Question content also includes concepts related to motor skill performance and fitness, including:

  • Movement forms
  • Fundamental movements
  • Fitness

 

Content and Design

Like the Content Knowledge examination, the Content and Design includes the following topics:

    • Content Knowledge and Student Growth and Development
      • Core concepts (exercise physiology, anatomy and physiology, principles of biomechanics and kinesiology, etc.)
      • Student growth and development (developmental readiness to learn and refine motor skills and movement patterns, perception in motor development, etc.)

 

  • Management, motivation, and communication (motivation to participate in physical activity, development of an effective behavior management plan, etc.)
  • Planning, instruction, and student assessment (sequencing of motor skill activities, activities designed to improve health-related and skill-related fitness, etc.)
  • Collaboration, reflection, and technology (integration of knowledge and skills from multiple areas in physical education, promotion of opportunities for physical activity in the school and community, etc.)

However, it also includes an assessment on Instructional Design, which includes two constructive response questions:

  • Fitness instruction: Understanding the different types of fitness, using developmentally appropriate activities to increase fitness levels, designing activities that improvement health-related and skill-related fitness in students, etc.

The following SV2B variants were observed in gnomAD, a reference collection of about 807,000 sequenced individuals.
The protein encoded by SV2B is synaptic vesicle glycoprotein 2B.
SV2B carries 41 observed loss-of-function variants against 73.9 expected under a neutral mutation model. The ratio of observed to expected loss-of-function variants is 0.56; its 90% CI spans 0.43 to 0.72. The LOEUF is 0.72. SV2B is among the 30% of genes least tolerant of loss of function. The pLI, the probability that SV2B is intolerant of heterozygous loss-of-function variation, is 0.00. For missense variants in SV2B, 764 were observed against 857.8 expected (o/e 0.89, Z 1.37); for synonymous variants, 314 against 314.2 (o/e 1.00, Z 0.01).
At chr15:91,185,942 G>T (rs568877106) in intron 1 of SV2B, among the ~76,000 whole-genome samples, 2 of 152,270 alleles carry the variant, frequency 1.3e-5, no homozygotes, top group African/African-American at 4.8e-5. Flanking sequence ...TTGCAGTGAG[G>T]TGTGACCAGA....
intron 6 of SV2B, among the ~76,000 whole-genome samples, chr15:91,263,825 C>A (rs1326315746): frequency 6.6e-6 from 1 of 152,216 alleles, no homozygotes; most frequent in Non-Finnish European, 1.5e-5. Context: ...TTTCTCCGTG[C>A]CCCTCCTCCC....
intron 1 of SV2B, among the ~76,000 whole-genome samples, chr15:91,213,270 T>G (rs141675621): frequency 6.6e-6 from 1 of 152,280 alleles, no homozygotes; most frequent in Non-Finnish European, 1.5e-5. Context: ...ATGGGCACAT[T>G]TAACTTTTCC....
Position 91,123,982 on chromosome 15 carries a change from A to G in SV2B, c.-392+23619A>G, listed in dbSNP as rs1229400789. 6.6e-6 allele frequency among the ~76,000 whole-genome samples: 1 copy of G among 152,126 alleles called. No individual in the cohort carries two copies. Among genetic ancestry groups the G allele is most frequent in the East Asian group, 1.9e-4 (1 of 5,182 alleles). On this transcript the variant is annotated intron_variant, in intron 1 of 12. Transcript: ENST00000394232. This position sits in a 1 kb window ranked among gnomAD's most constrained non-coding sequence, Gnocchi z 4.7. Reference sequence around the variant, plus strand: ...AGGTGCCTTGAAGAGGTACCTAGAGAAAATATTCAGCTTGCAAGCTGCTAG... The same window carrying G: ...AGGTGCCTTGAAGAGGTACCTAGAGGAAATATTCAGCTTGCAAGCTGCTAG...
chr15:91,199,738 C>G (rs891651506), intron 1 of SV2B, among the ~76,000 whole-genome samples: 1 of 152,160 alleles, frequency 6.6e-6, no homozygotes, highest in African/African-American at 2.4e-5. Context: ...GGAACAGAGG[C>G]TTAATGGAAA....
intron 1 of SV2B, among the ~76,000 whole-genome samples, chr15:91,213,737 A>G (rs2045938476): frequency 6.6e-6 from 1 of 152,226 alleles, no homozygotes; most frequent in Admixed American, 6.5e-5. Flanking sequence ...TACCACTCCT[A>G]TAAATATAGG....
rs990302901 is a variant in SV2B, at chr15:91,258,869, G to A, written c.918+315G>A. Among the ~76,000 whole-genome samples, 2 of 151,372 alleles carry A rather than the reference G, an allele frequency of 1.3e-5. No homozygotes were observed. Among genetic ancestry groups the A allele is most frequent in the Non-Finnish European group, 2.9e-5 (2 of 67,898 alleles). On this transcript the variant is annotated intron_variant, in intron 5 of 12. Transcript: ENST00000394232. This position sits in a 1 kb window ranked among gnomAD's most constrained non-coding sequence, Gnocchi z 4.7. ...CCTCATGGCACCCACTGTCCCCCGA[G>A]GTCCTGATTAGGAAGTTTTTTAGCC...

• Skill instruction: Using movement concepts and developmentally appropriate strategies for improving skill development, sequencing motor skill activities in a developmentally appropriate manner, etc.

 

How to Prepare to Take the Praxis II: Physical Education Exam

To understand what to expect when taking the Praxis II exams in Physical Education, candidates often look to the Praxis study guides, which are available as free resources from EST. These study guides include sample study questions, which allow individuals to familiarize themselves with the structure of the exams.

Individuals may further prepare to take the Praxis II exams by understanding their state requirements, determine if they prefer taking the examination via a paper test or a computer test, and by checking upcoming testing dates and nearby testing centers. All related information can be found on the EST website. Candidates can use their online registration to complete the process of signing up on the website.

Candidates may be best prepared by reading the appropriate Praxis II physical education study guide and by reviewing the coursework materials from their bachelor’s or master’s degree program.